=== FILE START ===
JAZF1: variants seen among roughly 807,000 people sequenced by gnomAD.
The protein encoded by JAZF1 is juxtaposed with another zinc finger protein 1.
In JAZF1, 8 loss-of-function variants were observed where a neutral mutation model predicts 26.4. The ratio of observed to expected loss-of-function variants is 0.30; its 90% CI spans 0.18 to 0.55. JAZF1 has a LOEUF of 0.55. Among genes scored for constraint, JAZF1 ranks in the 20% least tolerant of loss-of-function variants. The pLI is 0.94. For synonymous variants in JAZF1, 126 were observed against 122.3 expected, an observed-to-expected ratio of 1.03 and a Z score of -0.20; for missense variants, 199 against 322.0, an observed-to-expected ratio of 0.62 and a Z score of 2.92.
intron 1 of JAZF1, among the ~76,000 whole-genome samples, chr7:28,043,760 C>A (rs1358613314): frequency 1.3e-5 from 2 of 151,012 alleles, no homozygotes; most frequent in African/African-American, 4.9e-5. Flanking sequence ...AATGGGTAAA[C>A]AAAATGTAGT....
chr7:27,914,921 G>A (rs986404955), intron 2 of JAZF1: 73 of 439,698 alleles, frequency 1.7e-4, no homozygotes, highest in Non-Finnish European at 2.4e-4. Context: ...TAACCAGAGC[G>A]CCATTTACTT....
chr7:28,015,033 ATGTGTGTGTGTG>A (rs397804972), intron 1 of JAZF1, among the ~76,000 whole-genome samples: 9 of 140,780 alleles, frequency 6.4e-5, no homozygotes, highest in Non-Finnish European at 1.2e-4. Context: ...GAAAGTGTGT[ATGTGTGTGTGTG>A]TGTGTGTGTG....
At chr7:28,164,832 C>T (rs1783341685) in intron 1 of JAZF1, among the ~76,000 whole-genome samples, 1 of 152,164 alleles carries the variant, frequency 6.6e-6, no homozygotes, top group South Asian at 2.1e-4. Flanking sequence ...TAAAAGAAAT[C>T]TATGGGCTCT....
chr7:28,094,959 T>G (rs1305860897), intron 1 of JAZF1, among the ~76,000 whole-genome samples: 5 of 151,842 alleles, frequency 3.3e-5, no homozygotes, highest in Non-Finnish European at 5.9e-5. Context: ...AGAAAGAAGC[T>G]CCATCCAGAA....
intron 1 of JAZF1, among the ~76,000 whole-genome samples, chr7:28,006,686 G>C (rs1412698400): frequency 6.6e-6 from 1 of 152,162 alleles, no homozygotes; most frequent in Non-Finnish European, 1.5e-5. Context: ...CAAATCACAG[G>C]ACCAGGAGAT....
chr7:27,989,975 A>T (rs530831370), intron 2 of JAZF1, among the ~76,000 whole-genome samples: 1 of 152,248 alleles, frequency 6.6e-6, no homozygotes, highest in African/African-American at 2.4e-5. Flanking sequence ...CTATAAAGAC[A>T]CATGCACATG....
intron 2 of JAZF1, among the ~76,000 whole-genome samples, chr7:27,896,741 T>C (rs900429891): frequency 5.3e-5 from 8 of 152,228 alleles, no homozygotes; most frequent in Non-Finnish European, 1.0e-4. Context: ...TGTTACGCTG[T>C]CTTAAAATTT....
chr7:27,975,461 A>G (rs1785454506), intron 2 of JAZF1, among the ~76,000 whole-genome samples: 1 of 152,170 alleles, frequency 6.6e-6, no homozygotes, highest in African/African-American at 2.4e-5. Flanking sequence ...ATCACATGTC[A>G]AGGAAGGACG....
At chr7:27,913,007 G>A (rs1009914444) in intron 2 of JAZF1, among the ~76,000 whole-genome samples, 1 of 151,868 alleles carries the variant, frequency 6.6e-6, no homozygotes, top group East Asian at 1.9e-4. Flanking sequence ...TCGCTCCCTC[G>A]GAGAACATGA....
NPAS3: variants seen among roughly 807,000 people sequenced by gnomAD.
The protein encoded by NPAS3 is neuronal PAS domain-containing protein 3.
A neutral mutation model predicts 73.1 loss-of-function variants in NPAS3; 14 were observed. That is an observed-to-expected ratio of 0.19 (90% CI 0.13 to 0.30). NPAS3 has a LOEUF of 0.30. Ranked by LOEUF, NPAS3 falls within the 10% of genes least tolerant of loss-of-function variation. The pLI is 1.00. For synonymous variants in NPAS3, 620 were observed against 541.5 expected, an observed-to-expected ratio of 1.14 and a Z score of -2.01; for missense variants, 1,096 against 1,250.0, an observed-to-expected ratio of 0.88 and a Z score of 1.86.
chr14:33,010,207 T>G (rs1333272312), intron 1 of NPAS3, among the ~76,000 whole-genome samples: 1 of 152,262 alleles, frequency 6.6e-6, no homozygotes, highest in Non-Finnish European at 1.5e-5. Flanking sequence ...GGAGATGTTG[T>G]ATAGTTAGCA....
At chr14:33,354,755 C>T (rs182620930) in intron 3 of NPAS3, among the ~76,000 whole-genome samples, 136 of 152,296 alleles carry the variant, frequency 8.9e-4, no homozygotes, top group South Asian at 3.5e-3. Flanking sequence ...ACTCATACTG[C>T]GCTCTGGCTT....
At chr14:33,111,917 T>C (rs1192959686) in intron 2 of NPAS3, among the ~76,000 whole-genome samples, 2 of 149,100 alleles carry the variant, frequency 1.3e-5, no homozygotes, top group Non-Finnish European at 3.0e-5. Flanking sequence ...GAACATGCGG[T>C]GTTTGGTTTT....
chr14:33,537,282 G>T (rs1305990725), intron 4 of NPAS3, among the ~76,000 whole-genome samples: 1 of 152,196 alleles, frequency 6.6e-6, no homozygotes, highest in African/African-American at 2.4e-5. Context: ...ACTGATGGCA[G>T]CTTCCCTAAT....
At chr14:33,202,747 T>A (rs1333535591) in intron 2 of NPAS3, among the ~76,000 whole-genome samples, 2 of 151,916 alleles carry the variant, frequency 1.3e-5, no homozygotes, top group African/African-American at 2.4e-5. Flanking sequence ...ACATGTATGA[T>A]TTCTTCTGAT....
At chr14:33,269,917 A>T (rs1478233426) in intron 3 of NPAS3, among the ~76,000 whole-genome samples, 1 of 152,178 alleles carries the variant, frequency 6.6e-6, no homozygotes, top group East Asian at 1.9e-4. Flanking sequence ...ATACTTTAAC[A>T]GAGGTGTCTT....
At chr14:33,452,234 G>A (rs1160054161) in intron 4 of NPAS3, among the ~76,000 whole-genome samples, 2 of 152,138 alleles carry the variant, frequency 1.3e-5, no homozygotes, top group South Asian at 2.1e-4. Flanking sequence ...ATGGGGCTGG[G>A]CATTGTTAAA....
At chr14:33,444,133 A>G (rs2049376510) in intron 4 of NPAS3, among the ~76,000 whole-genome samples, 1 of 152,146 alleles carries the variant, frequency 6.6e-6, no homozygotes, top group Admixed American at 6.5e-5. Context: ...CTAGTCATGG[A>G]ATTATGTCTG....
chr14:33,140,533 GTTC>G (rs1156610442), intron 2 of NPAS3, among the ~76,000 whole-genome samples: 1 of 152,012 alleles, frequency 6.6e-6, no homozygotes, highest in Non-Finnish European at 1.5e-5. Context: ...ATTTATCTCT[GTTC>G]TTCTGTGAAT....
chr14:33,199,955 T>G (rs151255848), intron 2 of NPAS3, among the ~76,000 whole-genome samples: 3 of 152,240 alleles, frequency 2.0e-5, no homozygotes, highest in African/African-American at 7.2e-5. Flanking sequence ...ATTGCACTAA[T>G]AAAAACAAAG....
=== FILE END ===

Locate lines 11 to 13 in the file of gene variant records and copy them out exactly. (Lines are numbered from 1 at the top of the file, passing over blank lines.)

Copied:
intron 2 of JAZF1, among the ~76,000 whole-genome samples, chr7:27,896,741 T>C (rs900429891): frequency 5.3e-5 from 8 of 152,228 alleles, no homozygotes; most frequent in Non-Finnish European, 1.0e-4. Context: ...TGTTACGCTG[T>C]CTTAAAATTT....
chr7:27,975,461 A>G (rs1785454506), intron 2 of JAZF1, among the ~76,000 whole-genome samples: 1 of 152,170 alleles, frequency 6.6e-6, no homozygotes, highest in African/African-American at 2.4e-5. Flanking sequence ...ATCACATGTC[A>G]AGGAAGGACG....
At chr7:27,913,007 G>A (rs1009914444) in intron 2 of JAZF1, among the ~76,000 whole-genome samples, 1 of 151,868 alleles carries the variant, frequency 6.6e-6, no homozygotes, top group East Asian at 1.9e-4. Flanking sequence ...TCGCTCCCTC[G>A]GAGAACATGA....